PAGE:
I tried a simple analogy to explain where we are as a nation to folks in Cebu and suggested to imagine going through layers while putting up the building blocks of an economy. It starts with infrastructure. And when they're extensive enough, we can overlay a set of strategic industries – that are competitive and will reach far and wide. Because industries need a platform. And then visualize an ecosystem that will sustain them. That means we need science, technology and education over the longer term – borrowing a page from the playbook of Deng Xiaoping. 

And because we’re missing said layers and building blocks, we’re confronted with: “But here our question for Mr. Fuji: If the existing investment incentives are so great in the Philippines, why did Japanese companies invest over $10 billion in Thailand in 2013 and only $1.2 billion in the Philippines?” [Foreign investment incentives: What to change, Business Mirror Editorial, 8th Feb 2015] “We have examined both countries investment laws and incentives. The major difference is that the list of excluded types of business is much less in Thailand and Thailand allows up to 100 percent foreign ownership unlike the Philippines which requires 60 percent local ownership.”

Surprise, surprise! Isn’t that an old song? And so my wife and a brother-in-law would ask: How could the Thais build a transportation system like this? They know that I covered Thailand for 10 years as an MNC regional manager. And had shared with them that we put up a regional facility in Thailand, after visiting different Asian countries where we were shown their respective “special economic zones.” It’s about the ecosystem.

Think 360 degrees. What would make a special economic zone truly attractive to investors? For example, power is one and at the other end is the port from where to ship products out. And between the site and the port are roads and bridges, and in some countries also navigable rivers and rails. There is also the soft elements. Take the Bureau of Customs and its culture of impunity, which is how Pinoys working on cruise ships explained why industry bosses avoid the Philippines. In sum, an ecosystem connotes efficiency, productivity and sustainability.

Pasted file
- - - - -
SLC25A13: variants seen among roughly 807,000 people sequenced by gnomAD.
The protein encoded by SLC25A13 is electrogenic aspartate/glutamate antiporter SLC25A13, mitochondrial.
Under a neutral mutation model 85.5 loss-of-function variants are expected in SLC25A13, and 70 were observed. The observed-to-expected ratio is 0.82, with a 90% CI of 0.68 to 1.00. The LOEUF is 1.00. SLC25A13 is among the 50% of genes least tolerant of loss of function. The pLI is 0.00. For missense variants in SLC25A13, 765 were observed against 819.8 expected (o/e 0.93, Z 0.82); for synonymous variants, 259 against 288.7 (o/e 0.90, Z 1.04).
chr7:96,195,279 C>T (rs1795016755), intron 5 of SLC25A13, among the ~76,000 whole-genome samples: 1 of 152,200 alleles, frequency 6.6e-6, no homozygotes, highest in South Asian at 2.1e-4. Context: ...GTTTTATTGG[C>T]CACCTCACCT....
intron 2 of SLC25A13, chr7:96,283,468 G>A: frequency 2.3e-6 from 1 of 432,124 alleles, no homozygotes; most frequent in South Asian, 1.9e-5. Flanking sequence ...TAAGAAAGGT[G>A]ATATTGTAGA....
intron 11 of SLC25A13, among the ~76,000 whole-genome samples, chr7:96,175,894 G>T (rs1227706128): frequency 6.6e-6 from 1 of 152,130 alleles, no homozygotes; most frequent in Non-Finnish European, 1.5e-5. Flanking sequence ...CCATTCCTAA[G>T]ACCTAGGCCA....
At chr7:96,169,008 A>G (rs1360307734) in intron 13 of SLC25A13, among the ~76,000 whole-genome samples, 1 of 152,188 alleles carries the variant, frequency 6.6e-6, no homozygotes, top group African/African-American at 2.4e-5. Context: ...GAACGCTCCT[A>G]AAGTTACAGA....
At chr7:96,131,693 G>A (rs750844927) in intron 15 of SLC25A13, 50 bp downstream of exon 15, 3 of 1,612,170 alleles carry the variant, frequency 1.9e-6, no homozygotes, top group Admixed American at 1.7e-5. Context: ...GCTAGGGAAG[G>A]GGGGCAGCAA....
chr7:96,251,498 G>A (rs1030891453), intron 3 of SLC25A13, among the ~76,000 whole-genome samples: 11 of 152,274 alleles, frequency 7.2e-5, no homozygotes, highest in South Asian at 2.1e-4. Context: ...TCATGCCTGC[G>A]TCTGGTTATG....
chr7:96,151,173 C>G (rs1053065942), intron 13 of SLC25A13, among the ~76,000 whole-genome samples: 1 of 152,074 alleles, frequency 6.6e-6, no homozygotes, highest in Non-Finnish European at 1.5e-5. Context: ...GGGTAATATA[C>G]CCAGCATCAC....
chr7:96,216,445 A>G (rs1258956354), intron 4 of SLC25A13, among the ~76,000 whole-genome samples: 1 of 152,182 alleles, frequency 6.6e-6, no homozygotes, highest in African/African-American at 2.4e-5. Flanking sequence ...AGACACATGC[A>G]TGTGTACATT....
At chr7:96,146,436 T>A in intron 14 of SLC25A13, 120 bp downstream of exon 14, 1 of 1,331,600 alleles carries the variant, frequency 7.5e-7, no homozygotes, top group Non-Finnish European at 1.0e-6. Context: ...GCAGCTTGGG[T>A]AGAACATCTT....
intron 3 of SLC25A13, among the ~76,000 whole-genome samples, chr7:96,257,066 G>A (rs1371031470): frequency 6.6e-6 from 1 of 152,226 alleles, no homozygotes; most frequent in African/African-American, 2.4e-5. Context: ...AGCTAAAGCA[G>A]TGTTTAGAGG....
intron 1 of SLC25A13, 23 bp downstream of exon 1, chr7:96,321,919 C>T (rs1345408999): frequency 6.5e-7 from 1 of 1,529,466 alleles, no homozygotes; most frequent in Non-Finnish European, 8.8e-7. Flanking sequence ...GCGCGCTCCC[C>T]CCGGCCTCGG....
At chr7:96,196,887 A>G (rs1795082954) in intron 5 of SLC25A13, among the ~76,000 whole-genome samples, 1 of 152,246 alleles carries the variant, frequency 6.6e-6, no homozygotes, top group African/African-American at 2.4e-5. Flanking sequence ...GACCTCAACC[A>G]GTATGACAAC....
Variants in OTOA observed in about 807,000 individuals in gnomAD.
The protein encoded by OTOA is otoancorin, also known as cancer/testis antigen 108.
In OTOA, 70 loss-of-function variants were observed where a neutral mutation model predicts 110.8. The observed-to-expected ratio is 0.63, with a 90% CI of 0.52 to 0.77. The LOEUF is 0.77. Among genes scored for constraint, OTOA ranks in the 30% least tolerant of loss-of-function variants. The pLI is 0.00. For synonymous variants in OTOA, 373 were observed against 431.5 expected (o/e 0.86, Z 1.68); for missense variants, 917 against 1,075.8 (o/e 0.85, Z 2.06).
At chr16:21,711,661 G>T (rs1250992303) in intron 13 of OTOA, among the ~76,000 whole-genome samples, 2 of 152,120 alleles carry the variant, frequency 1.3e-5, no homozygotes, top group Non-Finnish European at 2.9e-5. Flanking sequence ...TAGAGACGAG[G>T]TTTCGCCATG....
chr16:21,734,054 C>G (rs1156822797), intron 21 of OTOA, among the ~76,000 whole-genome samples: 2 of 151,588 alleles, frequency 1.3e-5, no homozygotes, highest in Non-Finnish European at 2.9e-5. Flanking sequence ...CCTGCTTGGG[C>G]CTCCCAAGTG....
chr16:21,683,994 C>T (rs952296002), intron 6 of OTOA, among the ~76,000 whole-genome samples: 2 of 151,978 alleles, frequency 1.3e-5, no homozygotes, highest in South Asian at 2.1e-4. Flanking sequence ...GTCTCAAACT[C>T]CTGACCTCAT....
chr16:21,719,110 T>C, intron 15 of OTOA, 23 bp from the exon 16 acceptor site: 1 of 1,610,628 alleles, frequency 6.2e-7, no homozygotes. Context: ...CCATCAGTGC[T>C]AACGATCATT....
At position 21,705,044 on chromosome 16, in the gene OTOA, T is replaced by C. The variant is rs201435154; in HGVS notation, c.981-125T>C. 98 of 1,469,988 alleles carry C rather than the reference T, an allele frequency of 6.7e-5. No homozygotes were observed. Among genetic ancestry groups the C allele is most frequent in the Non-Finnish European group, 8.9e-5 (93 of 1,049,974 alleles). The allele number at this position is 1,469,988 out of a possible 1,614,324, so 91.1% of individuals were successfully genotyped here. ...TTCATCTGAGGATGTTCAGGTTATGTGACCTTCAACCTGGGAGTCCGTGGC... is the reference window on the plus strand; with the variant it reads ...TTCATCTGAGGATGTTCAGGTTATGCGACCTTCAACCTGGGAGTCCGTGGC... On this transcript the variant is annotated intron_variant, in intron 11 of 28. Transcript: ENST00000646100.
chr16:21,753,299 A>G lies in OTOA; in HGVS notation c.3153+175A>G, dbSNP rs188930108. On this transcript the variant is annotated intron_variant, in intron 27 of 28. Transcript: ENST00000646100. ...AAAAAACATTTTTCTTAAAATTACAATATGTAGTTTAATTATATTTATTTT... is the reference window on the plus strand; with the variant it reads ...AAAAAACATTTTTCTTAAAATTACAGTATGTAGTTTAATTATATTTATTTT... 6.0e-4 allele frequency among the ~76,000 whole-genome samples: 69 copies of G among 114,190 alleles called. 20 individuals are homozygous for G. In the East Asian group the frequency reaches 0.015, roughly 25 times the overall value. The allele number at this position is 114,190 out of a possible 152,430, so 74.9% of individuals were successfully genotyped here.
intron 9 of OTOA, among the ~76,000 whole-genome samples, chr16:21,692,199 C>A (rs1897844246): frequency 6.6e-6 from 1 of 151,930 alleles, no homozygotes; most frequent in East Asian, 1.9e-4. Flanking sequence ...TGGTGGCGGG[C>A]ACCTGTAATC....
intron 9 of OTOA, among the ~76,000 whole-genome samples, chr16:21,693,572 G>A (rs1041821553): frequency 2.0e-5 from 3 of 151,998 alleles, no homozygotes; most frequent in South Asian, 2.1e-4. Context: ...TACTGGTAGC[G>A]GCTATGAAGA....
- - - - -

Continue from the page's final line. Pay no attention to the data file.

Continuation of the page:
But are they what we value? Or is our parochial, hierarchical system and structure most preeminent? And the evidence: “We have examined both countries investment laws and incentives. The major difference is that the list of excluded types of business is much less in Thailand and Thailand allows up to 100 percent foreign ownership unlike the Philippines which requires 60 percent local ownership.” [Business Mirror Editorial, op. cit.]

And when it gets down to developing a game plan if not formulating a vision, our kneejerk is to employ “Pinoy abilidad”? Which is in fact reactive and short-term – not proactive and strategic and long term? See above re “DOTC quibbles anew on MRT3” and “LRT-2 is profitable, so why bid out operations (?)” and “A clueless bureaucrat (?)” . . .

Ergo: “Before investing in PH, Japan firms raise nagging issues,” Amy R. Remo, Philippine Daily Inquirer, 7th Feb 2015. “[T]hey continue to stress the need for the government to address pressing concerns, such as lack of adequate infrastructure and high power costs, which are necessary to create a more conducive environment for trade.”

Is it our cacique culture or inability to formulate a vision and forward-think or is it incompetence or a culture of impunity? Infrastructure projects are mired in delays and rebids, challenges and whatever, but what’s truly behind them? True or not, after being in town over the last few weeks, I would still be dumbfounded to hear: “Do you know the story behind NAIA 3? Imagine how many administrations had a hand in it. If behind every infrastructure project is such impunity, what do you do if none of the spoils comes your way having arrived late to the party?”

We took a tour to Ayutthaya (old Siam) and I was reminded of how we were stuck in Bangkok traffic many years ago – when we were with our daughter, then a grade-schooler. Today they have the expressway, and they make the journey even more interesting, the return to Bangkok is via a river cruise. And the boat is more upscale than the one my wife and I took in New Orleans last summer. Why does Thailand attract investors and tourists much more than we do?

How do we face the 21st century? Doing it the same old way – over and over again – is insanity?